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Braskem and Haldor Topsoe start up renewable MEG pilot plant in Denmark

By Mary Page Bailey |

Braskem (São Paulo, Brazil; www.braskem.com.br) and Haldor Topsoe A/S (Lyngby, Denmark; www.topsoe.com) announced the commissioning of a pioneering demonstration unit for the development of monoethylene glycol (MEG) from sugar. Located in Lyngby, Denmark, the pilot plant’s operation marks a decisive step in confirming the technical and economic feasibility of producing renewable MEG on an industrial scale, which is planned to commence in 2023.

The plant demonstrates all key design features of the technology and can produce more than 100 tons per year of glycolaldehyde, which is converted into MEG in the next process step.  

Construction and pre-commissioning of the MOSAIK™ process step have been completed as planned and on schedule. The next activities in this part of the demonstration plant will be start-up and operation with the aim to achieve key technical targets and confirm economic feasibility of the process. Operation will begin March 1.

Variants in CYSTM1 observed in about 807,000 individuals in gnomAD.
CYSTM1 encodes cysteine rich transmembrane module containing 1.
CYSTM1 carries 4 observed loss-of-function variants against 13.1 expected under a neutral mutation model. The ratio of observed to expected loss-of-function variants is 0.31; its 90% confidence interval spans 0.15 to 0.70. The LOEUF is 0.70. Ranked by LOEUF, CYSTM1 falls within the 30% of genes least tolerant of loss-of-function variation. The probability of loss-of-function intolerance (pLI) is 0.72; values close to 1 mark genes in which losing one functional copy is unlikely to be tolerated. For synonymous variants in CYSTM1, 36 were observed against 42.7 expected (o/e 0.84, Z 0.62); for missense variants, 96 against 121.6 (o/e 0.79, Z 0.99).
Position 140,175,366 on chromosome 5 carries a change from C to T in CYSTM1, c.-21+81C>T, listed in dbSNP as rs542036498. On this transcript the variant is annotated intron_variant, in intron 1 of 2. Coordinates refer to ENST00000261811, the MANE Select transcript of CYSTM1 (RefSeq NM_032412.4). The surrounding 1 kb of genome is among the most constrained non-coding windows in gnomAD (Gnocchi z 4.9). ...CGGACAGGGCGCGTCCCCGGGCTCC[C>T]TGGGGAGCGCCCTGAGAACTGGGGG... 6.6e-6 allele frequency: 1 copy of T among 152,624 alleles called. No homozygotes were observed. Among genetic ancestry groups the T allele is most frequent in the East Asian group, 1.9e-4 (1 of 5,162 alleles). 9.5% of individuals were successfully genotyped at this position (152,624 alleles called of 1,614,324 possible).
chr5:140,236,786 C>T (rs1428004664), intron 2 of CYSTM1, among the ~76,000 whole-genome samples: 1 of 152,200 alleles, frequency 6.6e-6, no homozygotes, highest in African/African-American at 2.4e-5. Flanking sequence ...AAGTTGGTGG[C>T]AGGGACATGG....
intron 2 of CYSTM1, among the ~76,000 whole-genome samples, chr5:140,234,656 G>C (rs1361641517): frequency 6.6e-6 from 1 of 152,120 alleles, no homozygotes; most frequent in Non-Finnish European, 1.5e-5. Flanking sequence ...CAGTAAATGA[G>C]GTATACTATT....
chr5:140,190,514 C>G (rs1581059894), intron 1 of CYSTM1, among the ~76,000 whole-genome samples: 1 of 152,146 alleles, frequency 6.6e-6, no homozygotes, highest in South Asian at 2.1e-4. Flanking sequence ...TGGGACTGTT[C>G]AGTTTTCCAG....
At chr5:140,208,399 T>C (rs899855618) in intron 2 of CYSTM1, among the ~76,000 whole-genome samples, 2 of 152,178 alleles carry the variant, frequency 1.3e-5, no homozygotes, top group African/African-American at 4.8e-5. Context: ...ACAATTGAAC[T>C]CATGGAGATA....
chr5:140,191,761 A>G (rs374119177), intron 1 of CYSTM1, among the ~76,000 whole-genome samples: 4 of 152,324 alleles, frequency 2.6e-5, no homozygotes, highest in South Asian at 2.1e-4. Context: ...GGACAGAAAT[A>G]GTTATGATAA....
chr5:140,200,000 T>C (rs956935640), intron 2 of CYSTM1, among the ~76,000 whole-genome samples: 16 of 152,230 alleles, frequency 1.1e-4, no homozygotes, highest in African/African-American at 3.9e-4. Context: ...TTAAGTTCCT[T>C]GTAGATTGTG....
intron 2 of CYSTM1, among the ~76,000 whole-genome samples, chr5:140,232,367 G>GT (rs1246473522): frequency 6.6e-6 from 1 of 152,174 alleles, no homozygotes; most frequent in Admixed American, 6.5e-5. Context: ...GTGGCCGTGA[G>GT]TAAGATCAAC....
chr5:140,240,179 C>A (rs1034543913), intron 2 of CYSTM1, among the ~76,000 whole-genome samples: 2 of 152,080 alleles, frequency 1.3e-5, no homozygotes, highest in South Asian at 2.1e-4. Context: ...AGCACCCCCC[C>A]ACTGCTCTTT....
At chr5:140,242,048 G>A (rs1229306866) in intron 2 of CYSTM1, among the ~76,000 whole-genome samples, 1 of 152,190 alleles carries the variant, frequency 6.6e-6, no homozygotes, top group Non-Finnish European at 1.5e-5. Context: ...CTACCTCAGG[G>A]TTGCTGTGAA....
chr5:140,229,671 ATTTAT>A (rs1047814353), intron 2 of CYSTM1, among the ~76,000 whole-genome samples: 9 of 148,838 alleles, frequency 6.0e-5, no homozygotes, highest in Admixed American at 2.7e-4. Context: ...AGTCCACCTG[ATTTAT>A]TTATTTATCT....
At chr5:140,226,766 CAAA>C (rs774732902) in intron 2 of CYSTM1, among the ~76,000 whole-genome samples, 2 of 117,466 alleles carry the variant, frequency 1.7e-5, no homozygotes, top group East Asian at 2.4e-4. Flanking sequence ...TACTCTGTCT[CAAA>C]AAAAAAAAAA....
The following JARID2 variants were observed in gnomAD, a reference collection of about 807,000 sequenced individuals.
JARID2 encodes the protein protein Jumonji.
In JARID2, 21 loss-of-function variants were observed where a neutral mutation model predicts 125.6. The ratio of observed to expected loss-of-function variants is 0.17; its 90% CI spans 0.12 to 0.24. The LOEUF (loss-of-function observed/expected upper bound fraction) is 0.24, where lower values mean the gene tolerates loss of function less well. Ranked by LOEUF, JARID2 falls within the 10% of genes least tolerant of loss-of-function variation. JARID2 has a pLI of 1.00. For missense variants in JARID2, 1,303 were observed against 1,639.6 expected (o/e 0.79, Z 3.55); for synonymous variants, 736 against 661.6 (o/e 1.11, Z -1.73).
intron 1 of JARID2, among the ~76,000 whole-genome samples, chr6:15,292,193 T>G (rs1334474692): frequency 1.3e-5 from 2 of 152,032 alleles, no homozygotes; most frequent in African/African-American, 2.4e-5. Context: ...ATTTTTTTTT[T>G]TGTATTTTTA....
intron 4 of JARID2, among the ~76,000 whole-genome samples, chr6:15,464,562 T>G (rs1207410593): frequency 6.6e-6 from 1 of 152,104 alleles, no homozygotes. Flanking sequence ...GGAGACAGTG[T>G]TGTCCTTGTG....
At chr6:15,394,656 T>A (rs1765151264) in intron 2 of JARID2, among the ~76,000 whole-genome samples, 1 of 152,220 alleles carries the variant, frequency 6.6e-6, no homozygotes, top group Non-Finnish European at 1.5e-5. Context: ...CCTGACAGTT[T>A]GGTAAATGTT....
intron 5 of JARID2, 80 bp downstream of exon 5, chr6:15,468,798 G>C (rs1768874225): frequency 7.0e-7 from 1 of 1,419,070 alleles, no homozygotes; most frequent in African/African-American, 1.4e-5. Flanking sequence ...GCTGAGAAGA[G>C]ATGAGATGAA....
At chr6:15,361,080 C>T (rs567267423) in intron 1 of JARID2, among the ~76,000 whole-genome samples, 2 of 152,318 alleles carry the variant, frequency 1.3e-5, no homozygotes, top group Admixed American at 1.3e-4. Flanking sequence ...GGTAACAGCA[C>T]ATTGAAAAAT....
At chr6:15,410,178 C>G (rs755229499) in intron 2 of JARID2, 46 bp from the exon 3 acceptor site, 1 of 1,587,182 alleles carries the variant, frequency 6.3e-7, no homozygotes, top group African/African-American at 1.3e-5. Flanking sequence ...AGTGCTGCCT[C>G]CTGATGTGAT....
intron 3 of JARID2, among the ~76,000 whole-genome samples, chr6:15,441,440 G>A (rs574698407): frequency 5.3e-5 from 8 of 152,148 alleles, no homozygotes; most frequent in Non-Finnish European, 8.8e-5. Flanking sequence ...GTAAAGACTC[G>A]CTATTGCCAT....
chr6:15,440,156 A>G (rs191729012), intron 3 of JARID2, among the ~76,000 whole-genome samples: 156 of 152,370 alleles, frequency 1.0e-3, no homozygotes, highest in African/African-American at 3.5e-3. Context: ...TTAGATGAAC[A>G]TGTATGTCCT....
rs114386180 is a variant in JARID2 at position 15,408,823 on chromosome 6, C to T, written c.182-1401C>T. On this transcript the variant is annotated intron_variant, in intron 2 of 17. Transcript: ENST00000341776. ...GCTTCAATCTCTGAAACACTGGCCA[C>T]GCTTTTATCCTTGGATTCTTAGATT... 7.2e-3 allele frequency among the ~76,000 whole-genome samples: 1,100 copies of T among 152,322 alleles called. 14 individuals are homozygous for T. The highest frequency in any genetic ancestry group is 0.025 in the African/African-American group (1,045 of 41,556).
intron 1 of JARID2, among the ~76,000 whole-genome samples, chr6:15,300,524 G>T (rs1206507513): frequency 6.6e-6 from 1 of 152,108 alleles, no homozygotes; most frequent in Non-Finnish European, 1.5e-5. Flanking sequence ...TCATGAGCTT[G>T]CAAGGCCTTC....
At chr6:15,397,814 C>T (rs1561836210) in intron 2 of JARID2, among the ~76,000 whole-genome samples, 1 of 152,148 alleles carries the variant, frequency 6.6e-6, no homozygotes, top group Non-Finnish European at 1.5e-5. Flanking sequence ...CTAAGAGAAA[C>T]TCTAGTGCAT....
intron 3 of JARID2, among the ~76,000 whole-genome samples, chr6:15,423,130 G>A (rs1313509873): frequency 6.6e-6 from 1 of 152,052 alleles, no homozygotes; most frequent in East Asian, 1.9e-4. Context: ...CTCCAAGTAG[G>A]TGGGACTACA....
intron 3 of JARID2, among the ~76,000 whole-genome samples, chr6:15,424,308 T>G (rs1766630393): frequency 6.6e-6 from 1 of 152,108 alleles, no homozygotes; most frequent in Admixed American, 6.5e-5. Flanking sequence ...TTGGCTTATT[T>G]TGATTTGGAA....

Announced in 2017, the cooperation agreement focuses on developing a new technology for converting sugar into MEG at a single industrial unit, which reduces the initial investment in production and consequently makes the process more competitive. MEG is used to make PET, a resin that is widely used in the textile and packaging industries, especially for making bottles. The global market for MEG currently is at around $25 billion. 

 “Haldor Topsoe is a global leader in catalytic solutions and is driven to maintain its leadership in the renewable energy industry. We are pleased to embark, together with Braskem, on the next phase of the validation of the MOSAIK solution for producing biobased MEG. Our goal is to show that innovative catalytic technologies can make chemical products from biomass a commercially attractive option,” says Kim Knudsen, executive officer at Haldor Topsoe.

Starting in 2020, clients will receive samples to test in their products. The unit built in Denmark has annual production capacity of hundreds of tons of glycolaldehyde, a substance that is converted into MEG. The goal is for the plant to convert various raw materials, such as sucrose, dextrose and second-generation sugars, into MEG. Currently, the compound is made from fossil-based feedstocks, such as naphtha, gas or coal.

 

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